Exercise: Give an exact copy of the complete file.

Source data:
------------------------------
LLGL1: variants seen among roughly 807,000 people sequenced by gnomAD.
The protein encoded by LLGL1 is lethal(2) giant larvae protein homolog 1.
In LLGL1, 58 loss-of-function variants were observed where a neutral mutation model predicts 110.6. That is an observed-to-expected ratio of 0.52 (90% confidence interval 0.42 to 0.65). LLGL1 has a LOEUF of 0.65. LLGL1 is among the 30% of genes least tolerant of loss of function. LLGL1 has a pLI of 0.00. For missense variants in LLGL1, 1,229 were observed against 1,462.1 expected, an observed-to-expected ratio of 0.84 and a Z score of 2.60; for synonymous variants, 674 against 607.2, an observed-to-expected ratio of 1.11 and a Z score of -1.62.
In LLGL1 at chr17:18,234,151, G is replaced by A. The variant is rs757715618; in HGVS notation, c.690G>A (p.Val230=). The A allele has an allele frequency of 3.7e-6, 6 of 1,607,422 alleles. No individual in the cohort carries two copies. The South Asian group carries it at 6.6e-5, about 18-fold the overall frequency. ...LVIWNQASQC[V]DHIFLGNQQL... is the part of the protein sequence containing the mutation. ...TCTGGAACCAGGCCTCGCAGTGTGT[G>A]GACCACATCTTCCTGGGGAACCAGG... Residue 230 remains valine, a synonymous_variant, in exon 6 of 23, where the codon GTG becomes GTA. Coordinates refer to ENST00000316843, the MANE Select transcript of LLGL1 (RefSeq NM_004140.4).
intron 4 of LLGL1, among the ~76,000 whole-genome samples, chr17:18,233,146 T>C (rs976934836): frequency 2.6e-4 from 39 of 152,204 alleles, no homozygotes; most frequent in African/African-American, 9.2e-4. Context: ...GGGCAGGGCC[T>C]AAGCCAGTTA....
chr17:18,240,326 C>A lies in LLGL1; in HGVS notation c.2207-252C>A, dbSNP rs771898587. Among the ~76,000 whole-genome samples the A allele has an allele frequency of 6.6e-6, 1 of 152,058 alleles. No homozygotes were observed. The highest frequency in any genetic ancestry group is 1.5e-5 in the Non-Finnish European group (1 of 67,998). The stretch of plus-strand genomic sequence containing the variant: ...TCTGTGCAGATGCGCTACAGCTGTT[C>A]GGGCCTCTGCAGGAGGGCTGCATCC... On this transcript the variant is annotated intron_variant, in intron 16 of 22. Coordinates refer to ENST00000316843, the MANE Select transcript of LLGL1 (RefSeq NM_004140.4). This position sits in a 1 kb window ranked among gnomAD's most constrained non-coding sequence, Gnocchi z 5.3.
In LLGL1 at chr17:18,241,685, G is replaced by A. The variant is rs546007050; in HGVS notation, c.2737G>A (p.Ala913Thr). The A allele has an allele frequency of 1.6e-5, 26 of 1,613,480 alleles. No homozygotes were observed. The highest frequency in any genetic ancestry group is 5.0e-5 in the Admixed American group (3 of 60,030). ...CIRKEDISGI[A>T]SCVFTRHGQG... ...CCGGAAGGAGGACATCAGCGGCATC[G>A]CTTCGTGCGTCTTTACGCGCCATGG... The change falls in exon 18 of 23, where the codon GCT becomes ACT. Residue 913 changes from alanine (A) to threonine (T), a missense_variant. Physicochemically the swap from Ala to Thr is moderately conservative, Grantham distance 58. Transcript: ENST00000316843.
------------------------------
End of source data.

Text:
LLGL1: variants seen among roughly 807,000 people sequenced by gnomAD.
The protein encoded by LLGL1 is lethal(2) giant larvae protein homolog 1.
In LLGL1, 58 loss-of-function variants were observed where a neutral mutation model predicts 110.6. That is an observed-to-expected ratio of 0.52 (90% confidence interval 0.42 to 0.65). LLGL1 has a LOEUF of 0.65. LLGL1 is among the 30% of genes least tolerant of loss of function. LLGL1 has a pLI of 0.00. For missense variants in LLGL1, 1,229 were observed against 1,462.1 expected, an observed-to-expected ratio of 0.84 and a Z score of 2.60; for synonymous variants, 674 against 607.2, an observed-to-expected ratio of 1.11 and a Z score of -1.62.
In LLGL1 at chr17:18,234,151, G is replaced by A. The variant is rs757715618; in HGVS notation, c.690G>A (p.Val230=). The A allele has an allele frequency of 3.7e-6, 6 of 1,607,422 alleles. No individual in the cohort carries two copies. The South Asian group carries it at 6.6e-5, about 18-fold the overall frequency. ...LVIWNQASQC[V]DHIFLGNQQL... is the part of the protein sequence containing the mutation. ...TCTGGAACCAGGCCTCGCAGTGTGT[G>A]GACCACATCTTCCTGGGGAACCAGG... Residue 230 remains valine, a synonymous_variant, in exon 6 of 23, where the codon GTG becomes GTA. Coordinates refer to ENST00000316843, the MANE Select transcript of LLGL1 (RefSeq NM_004140.4).
intron 4 of LLGL1, among the ~76,000 whole-genome samples, chr17:18,233,146 T>C (rs976934836): frequency 2.6e-4 from 39 of 152,204 alleles, no homozygotes; most frequent in African/African-American, 9.2e-4. Context: ...GGGCAGGGCC[T>C]AAGCCAGTTA....
chr17:18,240,326 C>A lies in LLGL1; in HGVS notation c.2207-252C>A, dbSNP rs771898587. Among the ~76,000 whole-genome samples the A allele has an allele frequency of 6.6e-6, 1 of 152,058 alleles. No homozygotes were observed. The highest frequency in any genetic ancestry group is 1.5e-5 in the Non-Finnish European group (1 of 67,998). The stretch of plus-strand genomic sequence containing the variant: ...TCTGTGCAGATGCGCTACAGCTGTT[C>A]GGGCCTCTGCAGGAGGGCTGCATCC... On this transcript the variant is annotated intron_variant, in intron 16 of 22. Coordinates refer to ENST00000316843, the MANE Select transcript of LLGL1 (RefSeq NM_004140.4). This position sits in a 1 kb window ranked among gnomAD's most constrained non-coding sequence, Gnocchi z 5.3.
In LLGL1 at chr17:18,241,685, G is replaced by A. The variant is rs546007050; in HGVS notation, c.2737G>A (p.Ala913Thr). The A allele has an allele frequency of 1.6e-5, 26 of 1,613,480 alleles. No homozygotes were observed. The highest frequency in any genetic ancestry group is 5.0e-5 in the Admixed American group (3 of 60,030). ...CIRKEDISGI[A>T]SCVFTRHGQG... ...CCGGAAGGAGGACATCAGCGGCATC[G>A]CTTCGTGCGTCTTTACGCGCCATGG... The change falls in exon 18 of 23, where the codon GCT becomes ACT. Residue 913 changes from alanine (A) to threonine (T), a missense_variant. Physicochemically the swap from Ala to Thr is moderately conservative, Grantham distance 58. Transcript: ENST00000316843.